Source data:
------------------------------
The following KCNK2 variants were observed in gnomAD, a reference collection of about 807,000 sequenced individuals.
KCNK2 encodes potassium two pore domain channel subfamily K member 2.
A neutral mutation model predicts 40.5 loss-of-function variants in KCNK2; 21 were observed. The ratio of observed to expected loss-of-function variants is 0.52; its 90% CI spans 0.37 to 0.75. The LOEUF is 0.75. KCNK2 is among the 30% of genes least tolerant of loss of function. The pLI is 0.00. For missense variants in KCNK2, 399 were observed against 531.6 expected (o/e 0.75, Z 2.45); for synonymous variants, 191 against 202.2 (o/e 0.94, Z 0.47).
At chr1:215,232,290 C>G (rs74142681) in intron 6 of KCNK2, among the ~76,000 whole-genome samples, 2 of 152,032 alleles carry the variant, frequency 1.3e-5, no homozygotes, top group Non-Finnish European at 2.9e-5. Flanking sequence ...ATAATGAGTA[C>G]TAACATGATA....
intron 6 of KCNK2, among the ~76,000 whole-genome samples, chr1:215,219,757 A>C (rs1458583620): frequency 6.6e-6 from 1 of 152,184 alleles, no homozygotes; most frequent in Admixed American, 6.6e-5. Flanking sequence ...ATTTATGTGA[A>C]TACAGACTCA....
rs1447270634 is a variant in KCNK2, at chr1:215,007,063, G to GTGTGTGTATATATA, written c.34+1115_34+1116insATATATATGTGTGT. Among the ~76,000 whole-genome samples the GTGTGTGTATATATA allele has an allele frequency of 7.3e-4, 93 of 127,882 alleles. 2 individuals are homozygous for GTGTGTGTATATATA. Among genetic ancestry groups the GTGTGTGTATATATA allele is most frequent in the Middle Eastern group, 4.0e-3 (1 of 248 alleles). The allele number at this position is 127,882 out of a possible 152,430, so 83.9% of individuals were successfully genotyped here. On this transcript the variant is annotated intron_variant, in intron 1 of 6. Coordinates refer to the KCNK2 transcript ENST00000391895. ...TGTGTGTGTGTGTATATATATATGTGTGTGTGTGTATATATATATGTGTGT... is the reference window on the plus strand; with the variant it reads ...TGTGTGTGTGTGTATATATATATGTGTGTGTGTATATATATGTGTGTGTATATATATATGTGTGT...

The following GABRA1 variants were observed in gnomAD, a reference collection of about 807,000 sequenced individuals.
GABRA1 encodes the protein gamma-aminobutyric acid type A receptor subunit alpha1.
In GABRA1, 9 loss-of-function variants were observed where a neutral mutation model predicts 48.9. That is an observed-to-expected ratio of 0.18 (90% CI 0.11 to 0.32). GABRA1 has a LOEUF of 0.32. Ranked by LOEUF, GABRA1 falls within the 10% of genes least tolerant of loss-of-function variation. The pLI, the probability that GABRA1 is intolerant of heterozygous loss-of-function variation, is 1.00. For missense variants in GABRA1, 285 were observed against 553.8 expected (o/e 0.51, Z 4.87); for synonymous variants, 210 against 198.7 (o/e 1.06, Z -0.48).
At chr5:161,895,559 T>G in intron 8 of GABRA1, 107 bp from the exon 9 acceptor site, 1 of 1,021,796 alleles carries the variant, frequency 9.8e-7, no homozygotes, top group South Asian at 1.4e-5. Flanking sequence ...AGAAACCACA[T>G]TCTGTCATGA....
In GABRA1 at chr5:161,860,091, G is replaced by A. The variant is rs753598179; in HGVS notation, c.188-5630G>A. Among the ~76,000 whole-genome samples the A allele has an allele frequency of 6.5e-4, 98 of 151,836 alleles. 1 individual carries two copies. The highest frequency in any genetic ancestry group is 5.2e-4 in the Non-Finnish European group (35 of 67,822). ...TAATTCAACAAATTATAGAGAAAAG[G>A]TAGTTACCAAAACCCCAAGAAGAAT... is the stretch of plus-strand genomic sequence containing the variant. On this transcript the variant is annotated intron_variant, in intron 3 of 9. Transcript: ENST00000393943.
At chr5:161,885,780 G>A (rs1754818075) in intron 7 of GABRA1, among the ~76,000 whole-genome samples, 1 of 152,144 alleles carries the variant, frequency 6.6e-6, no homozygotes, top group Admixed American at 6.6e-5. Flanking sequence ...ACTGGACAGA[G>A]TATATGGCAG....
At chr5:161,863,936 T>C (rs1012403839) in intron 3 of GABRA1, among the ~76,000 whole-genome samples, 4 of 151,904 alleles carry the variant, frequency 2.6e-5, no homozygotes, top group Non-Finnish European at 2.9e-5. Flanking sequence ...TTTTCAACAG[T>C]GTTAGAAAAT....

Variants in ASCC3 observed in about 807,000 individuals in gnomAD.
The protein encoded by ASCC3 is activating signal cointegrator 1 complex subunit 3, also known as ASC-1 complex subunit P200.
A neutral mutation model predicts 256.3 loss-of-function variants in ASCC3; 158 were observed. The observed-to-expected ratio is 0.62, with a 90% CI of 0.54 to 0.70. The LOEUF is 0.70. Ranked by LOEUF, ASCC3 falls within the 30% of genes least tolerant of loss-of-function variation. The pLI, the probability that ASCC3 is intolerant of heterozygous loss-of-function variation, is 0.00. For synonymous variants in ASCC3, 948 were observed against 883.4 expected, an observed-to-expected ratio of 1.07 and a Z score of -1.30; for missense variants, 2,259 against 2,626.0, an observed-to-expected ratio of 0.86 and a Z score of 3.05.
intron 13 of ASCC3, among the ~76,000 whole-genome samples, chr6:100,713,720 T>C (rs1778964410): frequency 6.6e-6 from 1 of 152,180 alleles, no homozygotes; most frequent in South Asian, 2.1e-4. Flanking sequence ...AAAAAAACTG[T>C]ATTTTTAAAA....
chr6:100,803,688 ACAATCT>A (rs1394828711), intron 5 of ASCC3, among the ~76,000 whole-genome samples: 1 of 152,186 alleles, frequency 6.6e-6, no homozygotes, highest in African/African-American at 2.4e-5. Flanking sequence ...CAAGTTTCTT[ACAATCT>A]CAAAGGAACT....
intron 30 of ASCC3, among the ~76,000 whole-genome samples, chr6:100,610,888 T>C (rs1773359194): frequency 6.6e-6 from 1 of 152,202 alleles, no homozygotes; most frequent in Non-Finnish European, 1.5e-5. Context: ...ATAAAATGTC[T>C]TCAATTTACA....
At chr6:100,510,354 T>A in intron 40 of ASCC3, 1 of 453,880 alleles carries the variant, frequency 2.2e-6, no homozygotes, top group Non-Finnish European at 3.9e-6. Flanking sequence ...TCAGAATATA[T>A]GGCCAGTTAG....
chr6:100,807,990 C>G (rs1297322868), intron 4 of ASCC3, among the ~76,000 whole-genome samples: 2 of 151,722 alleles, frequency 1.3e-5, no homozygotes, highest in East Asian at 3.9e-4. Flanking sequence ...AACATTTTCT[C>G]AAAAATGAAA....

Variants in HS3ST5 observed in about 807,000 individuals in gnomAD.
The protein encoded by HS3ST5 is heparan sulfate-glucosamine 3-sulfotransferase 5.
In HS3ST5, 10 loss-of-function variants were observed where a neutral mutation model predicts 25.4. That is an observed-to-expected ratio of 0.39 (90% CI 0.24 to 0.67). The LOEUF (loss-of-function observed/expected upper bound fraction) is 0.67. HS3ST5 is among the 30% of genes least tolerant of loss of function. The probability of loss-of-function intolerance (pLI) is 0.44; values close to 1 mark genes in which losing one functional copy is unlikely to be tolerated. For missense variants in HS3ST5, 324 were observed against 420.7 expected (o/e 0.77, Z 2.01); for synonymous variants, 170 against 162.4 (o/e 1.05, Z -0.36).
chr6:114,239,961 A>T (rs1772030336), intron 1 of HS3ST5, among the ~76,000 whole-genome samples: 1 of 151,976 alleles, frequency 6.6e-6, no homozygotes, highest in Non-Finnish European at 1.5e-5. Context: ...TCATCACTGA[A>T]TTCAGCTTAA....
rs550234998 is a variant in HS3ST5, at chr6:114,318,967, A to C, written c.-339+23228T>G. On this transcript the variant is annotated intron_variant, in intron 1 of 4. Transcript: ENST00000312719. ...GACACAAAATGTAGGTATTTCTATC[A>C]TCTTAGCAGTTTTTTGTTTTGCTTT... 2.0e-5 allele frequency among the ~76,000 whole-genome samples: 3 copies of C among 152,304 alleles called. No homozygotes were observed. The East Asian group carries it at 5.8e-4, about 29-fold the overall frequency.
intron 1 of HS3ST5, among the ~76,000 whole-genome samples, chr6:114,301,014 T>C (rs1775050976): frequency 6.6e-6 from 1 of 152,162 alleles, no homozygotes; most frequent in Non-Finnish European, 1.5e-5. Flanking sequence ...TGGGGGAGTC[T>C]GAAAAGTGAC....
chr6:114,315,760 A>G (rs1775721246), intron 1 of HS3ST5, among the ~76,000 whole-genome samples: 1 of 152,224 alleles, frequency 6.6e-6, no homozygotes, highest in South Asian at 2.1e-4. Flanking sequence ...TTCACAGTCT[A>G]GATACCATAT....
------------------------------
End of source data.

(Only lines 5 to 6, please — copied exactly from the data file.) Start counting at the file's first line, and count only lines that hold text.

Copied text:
intron 6 of KCNK2, among the ~76,000 whole-genome samples, chr1:215,219,757 A>C (rs1458583620): frequency 6.6e-6 from 1 of 152,184 alleles, no homozygotes; most frequent in Admixed American, 6.6e-5. Flanking sequence ...ATTTATGTGA[A>C]TACAGACTCA....
rs1447270634 is a variant in KCNK2, at chr1:215,007,063, G to GTGTGTGTATATATA, written c.34+1115_34+1116insATATATATGTGTGT. Among the ~76,000 whole-genome samples the GTGTGTGTATATATA allele has an allele frequency of 7.3e-4, 93 of 127,882 alleles. 2 individuals are homozygous for GTGTGTGTATATATA. Among genetic ancestry groups the GTGTGTGTATATATA allele is most frequent in the Middle Eastern group, 4.0e-3 (1 of 248 alleles). The allele number at this position is 127,882 out of a possible 152,430, so 83.9% of individuals were successfully genotyped here. On this transcript the variant is annotated intron_variant, in intron 1 of 6. Coordinates refer to the KCNK2 transcript ENST00000391895. ...TGTGTGTGTGTGTATATATATATGTGTGTGTGTGTATATATATATGTGTGT... is the reference window on the plus strand; with the variant it reads ...TGTGTGTGTGTGTATATATATATGTGTGTGTGTATATATATGTGTGTGTATATATATATGTGTGT...